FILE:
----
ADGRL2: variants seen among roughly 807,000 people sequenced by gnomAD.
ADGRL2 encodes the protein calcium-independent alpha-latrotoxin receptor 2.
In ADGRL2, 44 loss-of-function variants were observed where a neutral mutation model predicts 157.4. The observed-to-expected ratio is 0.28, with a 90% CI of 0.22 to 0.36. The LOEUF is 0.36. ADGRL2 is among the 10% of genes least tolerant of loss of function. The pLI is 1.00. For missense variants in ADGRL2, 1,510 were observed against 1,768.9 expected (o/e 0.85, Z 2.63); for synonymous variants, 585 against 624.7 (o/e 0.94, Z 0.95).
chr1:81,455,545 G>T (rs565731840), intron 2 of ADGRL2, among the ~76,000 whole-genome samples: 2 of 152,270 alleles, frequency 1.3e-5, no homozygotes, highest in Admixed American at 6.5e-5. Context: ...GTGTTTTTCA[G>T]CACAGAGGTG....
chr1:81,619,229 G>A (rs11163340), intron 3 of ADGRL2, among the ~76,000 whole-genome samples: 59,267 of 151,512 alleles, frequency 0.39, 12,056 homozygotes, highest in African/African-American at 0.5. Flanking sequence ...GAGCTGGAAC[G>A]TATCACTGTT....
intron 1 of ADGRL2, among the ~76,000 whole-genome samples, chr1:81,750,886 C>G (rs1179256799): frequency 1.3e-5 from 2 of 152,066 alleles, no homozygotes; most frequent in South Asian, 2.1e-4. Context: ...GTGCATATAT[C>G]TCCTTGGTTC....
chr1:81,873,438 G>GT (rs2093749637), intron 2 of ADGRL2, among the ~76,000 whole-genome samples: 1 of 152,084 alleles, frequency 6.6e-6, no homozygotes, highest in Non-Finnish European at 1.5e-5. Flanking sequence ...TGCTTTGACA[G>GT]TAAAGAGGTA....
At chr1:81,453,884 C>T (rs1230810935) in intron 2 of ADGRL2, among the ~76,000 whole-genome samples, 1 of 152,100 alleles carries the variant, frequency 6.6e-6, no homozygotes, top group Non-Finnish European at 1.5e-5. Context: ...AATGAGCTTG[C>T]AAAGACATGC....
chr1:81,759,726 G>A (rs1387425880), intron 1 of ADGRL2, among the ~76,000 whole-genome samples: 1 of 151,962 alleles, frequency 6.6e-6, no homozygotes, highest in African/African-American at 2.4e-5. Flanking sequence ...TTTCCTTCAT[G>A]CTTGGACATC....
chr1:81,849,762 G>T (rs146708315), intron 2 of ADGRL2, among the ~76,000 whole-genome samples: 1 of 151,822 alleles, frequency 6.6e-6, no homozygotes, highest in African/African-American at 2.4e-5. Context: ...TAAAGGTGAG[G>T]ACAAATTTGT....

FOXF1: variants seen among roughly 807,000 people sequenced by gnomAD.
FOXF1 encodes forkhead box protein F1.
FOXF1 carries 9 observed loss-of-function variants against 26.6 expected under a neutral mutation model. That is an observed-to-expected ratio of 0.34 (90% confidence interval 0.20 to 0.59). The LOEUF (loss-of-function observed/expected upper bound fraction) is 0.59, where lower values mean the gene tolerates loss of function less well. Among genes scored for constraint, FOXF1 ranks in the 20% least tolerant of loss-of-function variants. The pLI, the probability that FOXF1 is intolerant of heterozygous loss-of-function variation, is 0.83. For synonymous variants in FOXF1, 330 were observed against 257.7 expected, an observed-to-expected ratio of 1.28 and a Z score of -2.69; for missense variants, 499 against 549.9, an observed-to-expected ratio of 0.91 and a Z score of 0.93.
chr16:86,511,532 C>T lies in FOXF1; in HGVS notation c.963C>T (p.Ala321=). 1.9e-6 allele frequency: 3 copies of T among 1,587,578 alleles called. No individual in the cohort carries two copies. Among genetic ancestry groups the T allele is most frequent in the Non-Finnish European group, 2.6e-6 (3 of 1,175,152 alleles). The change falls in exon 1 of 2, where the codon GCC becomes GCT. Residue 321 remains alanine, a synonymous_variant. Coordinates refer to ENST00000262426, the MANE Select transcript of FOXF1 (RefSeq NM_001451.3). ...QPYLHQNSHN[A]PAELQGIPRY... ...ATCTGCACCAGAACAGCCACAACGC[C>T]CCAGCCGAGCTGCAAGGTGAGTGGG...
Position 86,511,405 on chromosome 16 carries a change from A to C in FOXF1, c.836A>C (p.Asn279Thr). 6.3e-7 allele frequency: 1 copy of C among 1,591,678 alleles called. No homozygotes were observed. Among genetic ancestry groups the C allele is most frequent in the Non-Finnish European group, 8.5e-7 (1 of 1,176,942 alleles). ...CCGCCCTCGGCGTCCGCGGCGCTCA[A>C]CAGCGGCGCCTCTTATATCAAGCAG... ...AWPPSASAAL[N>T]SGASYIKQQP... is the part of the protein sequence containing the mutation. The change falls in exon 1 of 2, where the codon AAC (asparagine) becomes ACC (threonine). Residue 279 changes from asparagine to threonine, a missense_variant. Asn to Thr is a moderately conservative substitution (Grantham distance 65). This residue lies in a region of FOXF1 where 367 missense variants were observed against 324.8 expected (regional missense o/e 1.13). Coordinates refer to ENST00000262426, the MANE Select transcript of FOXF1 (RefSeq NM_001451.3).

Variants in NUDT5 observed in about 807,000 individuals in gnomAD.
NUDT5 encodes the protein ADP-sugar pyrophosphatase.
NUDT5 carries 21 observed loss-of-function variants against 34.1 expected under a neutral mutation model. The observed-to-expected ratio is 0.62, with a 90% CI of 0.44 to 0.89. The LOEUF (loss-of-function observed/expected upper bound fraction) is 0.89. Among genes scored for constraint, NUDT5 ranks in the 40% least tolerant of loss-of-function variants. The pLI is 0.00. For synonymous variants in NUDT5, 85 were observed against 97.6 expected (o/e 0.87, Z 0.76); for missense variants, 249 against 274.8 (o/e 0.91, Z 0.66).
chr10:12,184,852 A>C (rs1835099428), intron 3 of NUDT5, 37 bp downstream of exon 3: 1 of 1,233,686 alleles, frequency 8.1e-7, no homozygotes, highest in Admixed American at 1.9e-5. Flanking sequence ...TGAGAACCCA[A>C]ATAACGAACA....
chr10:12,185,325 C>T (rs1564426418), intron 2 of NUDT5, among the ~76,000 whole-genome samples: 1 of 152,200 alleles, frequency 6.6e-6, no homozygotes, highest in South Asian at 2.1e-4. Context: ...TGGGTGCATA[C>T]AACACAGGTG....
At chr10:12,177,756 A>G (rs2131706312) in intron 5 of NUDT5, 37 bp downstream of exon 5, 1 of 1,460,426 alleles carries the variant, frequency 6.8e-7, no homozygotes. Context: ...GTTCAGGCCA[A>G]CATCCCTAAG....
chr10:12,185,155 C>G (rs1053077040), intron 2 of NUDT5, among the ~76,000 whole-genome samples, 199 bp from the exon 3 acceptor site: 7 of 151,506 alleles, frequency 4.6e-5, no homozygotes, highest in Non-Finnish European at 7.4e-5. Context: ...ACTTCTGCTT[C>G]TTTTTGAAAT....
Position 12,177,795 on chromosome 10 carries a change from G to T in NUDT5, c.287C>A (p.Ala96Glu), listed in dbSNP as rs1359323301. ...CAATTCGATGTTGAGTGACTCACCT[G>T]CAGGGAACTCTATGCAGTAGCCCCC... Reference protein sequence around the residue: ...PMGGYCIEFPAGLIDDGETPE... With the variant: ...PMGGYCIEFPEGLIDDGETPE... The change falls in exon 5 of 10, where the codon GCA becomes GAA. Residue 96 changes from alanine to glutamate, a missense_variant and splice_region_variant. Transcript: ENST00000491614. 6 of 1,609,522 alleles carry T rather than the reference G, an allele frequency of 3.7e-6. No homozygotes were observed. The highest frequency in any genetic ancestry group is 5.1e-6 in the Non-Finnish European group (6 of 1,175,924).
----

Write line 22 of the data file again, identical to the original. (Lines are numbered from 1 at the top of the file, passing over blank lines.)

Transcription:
chr10:12,185,155 C>G (rs1053077040), intron 2 of NUDT5, among the ~76,000 whole-genome samples, 199 bp from the exon 3 acceptor site: 7 of 151,506 alleles, frequency 4.6e-5, no homozygotes, highest in Non-Finnish European at 7.4e-5. Context: ...ACTTCTGCTT[C>G]TTTTTGAAAT....